12,000 Years of Wampanoag History

Photo credit: Courtney Wittenstein

Cape Cod is one of the most important regions of Native American life in the United States. Centered in the town of Mashpee, the Wampanoag Tribe is the only registered Native American tribe on the Cape. Ramona Peters, a member of the Chief’s Circle, says, “Our ancestors are quite literally part of the soil of this land, therefore we are part of the soil of this land.”

With a history stretching back centuries, the Wampanoag are a vital part of the Cape’s cultural landscape. Trish Keliinui, the PR & Communications Manager, adds, “The Wampanoag Nation once included sixty-nine tribes. Presently, there are three remaining of the sixty-nine including the Mashpee, the Aquinnah (Gay Head) and Herring Pond.”

Despite this decline in numbers, Mashpee’s Wampanoag Tribe is thriving, thanks in large part to the Tribal Council’s extensive efforts to preserve their values and way of life. Jessie “Little Doe” Baird, the Vice Chairwoman of the Tribal Council, explains, “Our philosophy includes being mindful that the actions we take and the work we do now will have a direct effect on the seventh generation to come after us.”

Visitors interested in learning more about their enduring culture should check out the Mashpee Wampanoag Indian Museum, the only museum in the country exclusively devoted to Wampanoag history. “Often times we are underestimated, however, we have existed for 12,000 years,” says Keliinui. From the Stone Age to present day, the museum highlights the rich indigenous culture and historical significance of the tribe. Baskets, tools, heirlooms, and weapons are all on display, as well as a large diorama depicting an early Wampanoag settlement, all of which allow visitors an in-depth look at the history of the tribe.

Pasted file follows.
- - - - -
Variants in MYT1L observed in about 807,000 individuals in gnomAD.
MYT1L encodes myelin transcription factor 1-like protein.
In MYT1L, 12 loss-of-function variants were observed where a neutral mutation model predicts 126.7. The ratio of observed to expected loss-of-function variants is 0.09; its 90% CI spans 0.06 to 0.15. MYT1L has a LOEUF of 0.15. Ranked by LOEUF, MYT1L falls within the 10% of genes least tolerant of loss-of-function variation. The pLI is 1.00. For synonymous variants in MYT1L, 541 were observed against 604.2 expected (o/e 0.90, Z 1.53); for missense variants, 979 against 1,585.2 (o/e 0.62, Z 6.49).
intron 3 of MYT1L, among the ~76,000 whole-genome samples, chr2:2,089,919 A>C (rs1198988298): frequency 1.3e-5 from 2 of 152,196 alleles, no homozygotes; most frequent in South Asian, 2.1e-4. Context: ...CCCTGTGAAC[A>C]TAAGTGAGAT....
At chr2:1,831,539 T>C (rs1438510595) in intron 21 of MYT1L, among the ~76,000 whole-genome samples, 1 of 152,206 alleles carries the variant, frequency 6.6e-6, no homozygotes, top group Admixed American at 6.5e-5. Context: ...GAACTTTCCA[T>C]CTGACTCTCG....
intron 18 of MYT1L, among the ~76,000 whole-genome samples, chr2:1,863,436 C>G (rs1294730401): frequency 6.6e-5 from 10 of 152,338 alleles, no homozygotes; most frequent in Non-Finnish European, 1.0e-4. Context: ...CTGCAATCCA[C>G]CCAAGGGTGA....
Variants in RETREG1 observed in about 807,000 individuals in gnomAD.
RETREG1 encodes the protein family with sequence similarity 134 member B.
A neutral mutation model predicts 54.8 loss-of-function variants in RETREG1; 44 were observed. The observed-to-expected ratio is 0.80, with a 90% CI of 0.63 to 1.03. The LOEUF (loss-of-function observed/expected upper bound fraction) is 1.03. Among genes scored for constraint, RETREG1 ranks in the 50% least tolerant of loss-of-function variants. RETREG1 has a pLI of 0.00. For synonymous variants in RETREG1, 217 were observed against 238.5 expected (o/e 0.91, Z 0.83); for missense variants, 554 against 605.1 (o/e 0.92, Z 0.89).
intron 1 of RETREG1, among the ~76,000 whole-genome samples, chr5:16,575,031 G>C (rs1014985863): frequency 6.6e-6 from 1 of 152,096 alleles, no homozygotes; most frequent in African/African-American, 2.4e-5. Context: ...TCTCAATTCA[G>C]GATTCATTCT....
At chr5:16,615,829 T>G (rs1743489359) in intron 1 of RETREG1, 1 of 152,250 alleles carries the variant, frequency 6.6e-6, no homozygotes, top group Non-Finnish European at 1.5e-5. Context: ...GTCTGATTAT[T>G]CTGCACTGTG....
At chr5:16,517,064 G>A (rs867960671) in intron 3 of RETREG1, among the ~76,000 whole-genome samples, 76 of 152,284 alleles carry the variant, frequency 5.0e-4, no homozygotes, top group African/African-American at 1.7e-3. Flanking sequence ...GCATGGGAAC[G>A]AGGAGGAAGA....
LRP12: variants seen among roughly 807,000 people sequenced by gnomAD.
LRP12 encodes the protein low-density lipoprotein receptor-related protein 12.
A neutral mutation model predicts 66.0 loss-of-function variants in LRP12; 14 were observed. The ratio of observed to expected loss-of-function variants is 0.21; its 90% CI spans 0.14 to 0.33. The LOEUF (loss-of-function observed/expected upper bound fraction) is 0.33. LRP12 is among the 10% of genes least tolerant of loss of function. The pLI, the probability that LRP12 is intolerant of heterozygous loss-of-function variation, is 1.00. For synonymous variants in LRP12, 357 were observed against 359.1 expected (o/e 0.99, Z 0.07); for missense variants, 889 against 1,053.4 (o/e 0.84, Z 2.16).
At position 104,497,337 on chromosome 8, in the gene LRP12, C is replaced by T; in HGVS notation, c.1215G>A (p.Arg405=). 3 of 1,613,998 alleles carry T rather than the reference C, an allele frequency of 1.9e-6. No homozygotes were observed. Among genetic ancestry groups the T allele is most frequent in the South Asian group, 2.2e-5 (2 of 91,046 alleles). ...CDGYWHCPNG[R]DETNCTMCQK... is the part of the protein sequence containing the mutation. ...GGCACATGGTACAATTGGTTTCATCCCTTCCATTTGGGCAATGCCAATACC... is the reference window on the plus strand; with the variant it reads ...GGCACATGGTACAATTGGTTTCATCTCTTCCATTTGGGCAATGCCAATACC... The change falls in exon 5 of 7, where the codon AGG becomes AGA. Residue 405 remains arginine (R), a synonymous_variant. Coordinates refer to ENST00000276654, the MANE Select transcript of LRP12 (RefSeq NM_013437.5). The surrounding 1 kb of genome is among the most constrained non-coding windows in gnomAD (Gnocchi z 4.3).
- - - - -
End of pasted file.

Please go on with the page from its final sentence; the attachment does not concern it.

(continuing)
The Wampanoag are also an active member of the larger Cape community, organizing festivals and events throughout the year, including artisan festivals, Columbus Day lectures, and the annual Mashpee Wampanoag Powwow. “We keep our culture and traditions alive by simply continuing to practice them,” Peters says. At these events, visitors can enjoy traditional music and dances, hear stories and history, and purchase pieces from skilled Native American artists.

A particularly special event at the Mashpee Wampanoag Powwow is the naming of the Powwow Princess. One smart, driven, and qualified young lady is chosen to help represent the tribe for the next year. Keliinui explains, “A panel of Tribal members, including Tribal Elders and Clan Mothers, and on occasion past Princesses, conduct an interview including questions regarding Traditional leadership, present-day leadership, the importance of maintaining cultural values and future aspirations of the princess candidate, among other relevant discussion items.”

The town of Mashpee offers a variety of resources for visitors interested in learning more. “We do have a strong relationship with our local chamber of commerce where visitors often ask how to learn more about the Mashpee Wampanoag,” Peters explains. “They are able to provide points of interest and contacts to our offices.”

For Baird and her colleagues, the work of protecting and preserving Wampanoag culture will have a profound impact on the entire Cape community for generations to come. “We understand that Creation has given to us many privileges as well as responsibilities,” she says. “The earth, the sun, the moon, the wind, our waters, and all living beings, our language and understanding of the world are all privileges. We also recognize our responsibility to be stewards of these gifts and to take care of our sisters and brothers.”

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